An Advanced PowerShell HTML HotFix Report

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Last time, I showed you a PowerShell script that leveraged my hotfix reporting function to create a basic HTML report complete with highlights and active links. The challenge I left for myself, or perhaps you worked on it yourself, was to display the page title for the hotfix online link. That way I can tell at a glance what problem the hotfix is solving. The difficulty, at least in my development efforts, is that target HTML document does not lend itself to the typical way I would approach this task with Invoke-WebRequest or Invoke-RestMethod. My solution was to resurrect a technique I used back in my VBScript days, and that is to use Internet Explorer.

This version of my reporting script includes the same features as last time so I won’t repeat that discussion. If you recall, the function output includes a URL. All I need to do is navigate Internet Explorer to that page and get the document title. This will require a COM object for Internet Explorer.

As each hot fix is enumerated I can search for the URL.

Now the fun part. I can tell the IE object to go to that page.

In my experience I have found it helpful to loop while Internet Explorer is busy, otherwise the script will continue with other steps I may not be ready for. After the page has been loaded, I can get the document title.

In my testing I discovered that sometimes the location took a little time to resolve so I added an additional loop. But once I have the title, I can insert it into the HTML table.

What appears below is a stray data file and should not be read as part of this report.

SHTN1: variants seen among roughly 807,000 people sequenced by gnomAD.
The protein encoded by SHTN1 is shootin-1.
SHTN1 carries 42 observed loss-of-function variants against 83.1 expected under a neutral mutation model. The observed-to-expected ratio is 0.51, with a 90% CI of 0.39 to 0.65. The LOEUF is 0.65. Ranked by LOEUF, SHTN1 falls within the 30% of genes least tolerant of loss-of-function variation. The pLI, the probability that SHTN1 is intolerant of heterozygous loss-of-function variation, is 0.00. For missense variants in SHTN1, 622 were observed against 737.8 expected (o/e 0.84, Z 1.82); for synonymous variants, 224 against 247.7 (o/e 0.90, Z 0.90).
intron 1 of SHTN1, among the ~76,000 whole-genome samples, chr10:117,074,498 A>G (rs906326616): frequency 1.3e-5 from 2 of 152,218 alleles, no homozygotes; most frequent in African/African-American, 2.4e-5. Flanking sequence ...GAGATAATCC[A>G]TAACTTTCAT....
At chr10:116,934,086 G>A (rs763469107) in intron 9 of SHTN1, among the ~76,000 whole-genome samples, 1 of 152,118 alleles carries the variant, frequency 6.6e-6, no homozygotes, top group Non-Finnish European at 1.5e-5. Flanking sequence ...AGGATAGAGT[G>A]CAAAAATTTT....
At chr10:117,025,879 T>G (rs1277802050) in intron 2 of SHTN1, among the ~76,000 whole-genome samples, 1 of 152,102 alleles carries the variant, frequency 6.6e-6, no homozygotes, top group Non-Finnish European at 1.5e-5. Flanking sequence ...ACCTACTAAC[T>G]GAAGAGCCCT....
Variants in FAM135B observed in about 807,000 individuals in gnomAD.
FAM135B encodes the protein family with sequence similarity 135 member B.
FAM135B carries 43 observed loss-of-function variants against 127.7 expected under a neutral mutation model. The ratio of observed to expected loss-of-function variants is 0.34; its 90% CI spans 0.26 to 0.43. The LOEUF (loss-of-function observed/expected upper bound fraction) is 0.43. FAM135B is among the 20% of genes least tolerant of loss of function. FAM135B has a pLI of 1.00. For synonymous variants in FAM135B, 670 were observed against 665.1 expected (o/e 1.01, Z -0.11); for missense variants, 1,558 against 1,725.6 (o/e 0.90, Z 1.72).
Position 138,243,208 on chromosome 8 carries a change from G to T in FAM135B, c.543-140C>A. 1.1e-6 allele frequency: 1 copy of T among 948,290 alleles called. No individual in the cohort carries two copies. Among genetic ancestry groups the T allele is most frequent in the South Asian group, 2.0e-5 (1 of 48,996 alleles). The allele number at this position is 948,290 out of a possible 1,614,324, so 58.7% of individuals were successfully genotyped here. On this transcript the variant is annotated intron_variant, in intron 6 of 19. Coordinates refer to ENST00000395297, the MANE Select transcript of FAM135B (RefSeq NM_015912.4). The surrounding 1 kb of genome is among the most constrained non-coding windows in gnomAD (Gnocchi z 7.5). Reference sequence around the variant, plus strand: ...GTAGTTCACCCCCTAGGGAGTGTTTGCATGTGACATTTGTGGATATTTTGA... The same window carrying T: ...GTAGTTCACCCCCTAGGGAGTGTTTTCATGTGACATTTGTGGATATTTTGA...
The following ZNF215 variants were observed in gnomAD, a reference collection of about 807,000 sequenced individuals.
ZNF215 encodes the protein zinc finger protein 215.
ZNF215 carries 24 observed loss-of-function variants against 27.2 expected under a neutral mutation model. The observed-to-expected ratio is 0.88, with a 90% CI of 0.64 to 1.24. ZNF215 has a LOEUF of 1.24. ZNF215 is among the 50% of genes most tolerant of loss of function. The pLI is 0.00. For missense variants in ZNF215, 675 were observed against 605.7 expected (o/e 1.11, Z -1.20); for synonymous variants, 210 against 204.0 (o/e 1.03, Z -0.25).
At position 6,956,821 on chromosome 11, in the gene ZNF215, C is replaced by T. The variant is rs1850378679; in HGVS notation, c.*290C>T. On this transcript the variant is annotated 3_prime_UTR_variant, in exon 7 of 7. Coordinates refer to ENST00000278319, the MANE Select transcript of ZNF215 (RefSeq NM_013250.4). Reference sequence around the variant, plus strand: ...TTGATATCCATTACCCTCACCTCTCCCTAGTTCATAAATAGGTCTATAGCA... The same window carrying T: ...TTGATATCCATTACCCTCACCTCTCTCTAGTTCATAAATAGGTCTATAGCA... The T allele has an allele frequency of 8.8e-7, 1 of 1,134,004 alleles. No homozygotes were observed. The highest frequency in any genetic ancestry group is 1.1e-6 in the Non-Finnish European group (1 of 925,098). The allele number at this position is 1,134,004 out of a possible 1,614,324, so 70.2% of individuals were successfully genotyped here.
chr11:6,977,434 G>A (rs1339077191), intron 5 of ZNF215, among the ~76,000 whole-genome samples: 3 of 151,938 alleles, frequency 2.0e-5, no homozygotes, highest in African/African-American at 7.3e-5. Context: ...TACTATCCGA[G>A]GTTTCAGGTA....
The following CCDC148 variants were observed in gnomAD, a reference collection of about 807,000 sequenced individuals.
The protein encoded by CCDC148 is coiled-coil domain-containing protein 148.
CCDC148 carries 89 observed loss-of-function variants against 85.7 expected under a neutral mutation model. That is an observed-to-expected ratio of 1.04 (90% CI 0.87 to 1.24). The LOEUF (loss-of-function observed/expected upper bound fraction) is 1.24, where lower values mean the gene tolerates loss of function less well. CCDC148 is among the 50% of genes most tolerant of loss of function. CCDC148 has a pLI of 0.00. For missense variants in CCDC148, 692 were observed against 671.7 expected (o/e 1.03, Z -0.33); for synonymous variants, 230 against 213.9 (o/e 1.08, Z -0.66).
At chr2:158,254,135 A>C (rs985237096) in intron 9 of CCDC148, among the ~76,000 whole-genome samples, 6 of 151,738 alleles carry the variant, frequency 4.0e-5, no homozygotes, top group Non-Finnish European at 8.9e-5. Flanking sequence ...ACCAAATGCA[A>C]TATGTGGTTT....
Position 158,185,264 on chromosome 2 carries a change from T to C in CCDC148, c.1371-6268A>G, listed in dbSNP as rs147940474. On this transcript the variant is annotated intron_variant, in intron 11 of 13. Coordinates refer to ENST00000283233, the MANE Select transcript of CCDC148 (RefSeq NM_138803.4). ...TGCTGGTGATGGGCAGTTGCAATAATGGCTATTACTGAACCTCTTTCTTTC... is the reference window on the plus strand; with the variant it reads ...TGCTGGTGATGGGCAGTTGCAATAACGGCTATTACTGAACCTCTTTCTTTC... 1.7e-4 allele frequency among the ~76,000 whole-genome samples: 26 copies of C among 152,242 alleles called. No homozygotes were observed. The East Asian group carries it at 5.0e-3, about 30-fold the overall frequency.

When I’m finished getting the titles, I can get rid of the IE object.

Now I have a very meaningful report.

an advanced HTML hotfix report
an advanced HTML hotfix report (Image Credit: Jeff Hicks)

As you can imagine, making all of these connections is a time consuming task. If you think about it for a moment, the same hotfix is very likely installed on multiple servers so it doesn’t make sense to keep checking. My solution to this is to create a hashtable. As each URL is resolved, the title is added to the hashtable.

With the hashtable I can check it first and if there is an entry use it instead of trying to resolve it online.

I also realized that the next time I run the script, assuming it’s a monthly report, there is bound to be some overlap. In other words, the report will show hotfixes that I’m showing in this report. So why not save the resolved hot fix links and re-use them? In my script I export the online links to an XML file in the same directory as the script.

If this file exists, I can import it to initialize the hashtable.

The end result is that the script runs much faster, at least after the very first time. The only online links that need to be resolved are the new ones.

And since I was revising the script to make it more advanced, I decided to add some parameter attributes and validation. I also realized that since my hotfix function supports alternate credentials, I should offer that option in this script and pass the credential on. I used splatting.

The end result is a script that anyone can run to generate a meaningful and useful HTML-based report.  Here is the complete script for your reference.

The script is written to work in my environment because it dot sources where I’m keeping my Get-MyHotfix function. You would need to change that. It is also importing a CSV file on my computer. You could create your own CSV file. Or perhaps you want to modify the function to take the computer names as parameter values. The last change you might want to make is to not use Write-Host as I am to display status messages and implement Write-Progress.

If you tried to write the last script first, you would most likely be frustrated and cursing PowerShell. Instead, I encourage you to follow the development process I’ve outlined over the course of several articles. I think you will find the process much more enjoyable and probably more educational.

I hope you’ll leave a comment and let me know what you think about all of this.

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